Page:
The difficulties which oppose the universal adoption of a constant service do not emanate from the water companies. The advisers of these bodies are aware of the economy in use of water attendant on constant supply; and in all cases, excepting that of supply of water by measure, this economy would be a gain to the companies. Out of the 563,000 houses in the companies' districts, there were, in August 1879, 128,704 to which the constant supply is laid on, being nearly one-fourth of the whole; and of these, 76,853 have been so laid on or transferred since October, 1873.

The real obstacle to the introduction of this important improvement is the cost of the change of fittings. This cost falls on the owner or occupier, and no machinery exists for compelling him to make the outlay. The expenditure involved, according to the evidence of the experienced engineer of the New River Company, is 8l. per house. Nearly 3,500,000l. will, on this estimate, have to be expended. If a measure were introduced which would give the companies, or the new water controlling body, power to make the change at their own cost, charging an additional twelve or fifteen shillings per house for a limited term of years, it might be practicable to conciliate all interests, and to introduce this important amendment at once. The excess of the charge over eight shillings per house (or 5 per cent. on the actual outlay) would extinguish the debt for the new fixtures in a number of years determined by the charge. A rate of 158. per house for the new fittings would pay for them by the end of fourteen years, and the economy of water effected would have to be set against the payment.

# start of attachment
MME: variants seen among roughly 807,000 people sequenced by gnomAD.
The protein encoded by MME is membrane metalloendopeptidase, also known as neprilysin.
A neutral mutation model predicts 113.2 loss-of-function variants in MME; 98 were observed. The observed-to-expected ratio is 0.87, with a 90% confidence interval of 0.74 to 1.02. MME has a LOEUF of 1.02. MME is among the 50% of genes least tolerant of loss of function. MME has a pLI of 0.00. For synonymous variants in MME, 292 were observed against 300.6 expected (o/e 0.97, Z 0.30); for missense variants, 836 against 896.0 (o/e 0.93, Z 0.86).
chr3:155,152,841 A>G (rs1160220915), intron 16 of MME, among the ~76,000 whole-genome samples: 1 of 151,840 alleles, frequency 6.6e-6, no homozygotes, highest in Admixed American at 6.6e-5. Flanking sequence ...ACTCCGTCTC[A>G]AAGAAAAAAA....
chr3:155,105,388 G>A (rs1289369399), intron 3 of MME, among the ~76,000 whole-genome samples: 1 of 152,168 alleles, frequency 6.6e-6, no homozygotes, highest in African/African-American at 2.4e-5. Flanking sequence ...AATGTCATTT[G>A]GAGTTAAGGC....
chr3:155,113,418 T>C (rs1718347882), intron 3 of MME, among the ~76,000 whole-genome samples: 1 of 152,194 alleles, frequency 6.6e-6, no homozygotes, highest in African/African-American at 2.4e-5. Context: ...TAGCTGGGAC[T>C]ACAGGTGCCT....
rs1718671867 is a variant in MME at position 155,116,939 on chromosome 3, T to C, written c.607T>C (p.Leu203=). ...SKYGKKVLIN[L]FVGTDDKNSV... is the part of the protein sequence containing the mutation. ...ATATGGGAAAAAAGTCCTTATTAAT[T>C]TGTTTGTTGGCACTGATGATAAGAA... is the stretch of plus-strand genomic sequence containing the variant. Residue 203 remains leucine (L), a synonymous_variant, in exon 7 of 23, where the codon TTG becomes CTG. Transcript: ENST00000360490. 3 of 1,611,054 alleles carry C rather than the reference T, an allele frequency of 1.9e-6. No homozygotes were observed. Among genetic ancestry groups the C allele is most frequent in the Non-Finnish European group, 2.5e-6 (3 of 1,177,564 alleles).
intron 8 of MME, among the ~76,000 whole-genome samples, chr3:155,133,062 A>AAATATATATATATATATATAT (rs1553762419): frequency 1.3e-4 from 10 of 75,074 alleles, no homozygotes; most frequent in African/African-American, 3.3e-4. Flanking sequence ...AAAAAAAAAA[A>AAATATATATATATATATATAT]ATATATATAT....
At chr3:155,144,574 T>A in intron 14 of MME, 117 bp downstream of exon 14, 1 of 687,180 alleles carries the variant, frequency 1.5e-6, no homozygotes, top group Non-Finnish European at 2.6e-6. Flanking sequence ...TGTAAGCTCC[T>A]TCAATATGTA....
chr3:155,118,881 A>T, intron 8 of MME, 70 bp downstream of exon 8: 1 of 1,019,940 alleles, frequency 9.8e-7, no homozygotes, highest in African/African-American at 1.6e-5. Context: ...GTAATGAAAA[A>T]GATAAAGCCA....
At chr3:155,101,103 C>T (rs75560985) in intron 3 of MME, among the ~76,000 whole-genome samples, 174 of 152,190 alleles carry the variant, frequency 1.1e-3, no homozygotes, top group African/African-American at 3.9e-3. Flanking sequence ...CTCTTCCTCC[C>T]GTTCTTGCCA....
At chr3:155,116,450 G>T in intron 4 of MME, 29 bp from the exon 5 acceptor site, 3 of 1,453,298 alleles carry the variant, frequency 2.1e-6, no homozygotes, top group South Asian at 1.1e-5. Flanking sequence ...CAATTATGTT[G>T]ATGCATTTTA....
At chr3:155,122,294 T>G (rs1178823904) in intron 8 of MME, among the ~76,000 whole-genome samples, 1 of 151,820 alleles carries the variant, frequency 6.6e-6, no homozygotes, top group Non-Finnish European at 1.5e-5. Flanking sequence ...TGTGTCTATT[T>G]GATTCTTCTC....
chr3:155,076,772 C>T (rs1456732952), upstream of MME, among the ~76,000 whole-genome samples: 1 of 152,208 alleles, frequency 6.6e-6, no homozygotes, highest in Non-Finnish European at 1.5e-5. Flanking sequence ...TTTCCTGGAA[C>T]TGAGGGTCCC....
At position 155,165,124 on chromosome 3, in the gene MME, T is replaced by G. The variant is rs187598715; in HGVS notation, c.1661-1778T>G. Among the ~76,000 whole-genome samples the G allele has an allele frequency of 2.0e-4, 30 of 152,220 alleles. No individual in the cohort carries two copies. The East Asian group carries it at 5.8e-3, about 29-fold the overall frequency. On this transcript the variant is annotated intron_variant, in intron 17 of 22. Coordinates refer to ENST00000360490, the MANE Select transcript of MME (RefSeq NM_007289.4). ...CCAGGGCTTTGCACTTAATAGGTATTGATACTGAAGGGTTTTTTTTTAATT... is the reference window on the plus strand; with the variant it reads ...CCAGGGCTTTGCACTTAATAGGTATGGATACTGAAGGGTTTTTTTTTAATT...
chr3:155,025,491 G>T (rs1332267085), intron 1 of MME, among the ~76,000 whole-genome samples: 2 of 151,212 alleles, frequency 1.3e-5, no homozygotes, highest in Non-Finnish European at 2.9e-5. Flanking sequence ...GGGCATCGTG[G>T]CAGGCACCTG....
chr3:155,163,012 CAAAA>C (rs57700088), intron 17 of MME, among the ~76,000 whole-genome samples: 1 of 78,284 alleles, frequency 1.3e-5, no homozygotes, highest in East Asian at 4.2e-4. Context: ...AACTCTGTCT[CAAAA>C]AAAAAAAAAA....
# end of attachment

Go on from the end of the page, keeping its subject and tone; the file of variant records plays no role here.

The economy in working charges which it is possible to effect by the unification of control has been greatly exaggerated. At the close of the last session of Parliament an honourable member stated in the House of Commons that 100,000l. per annum might be saved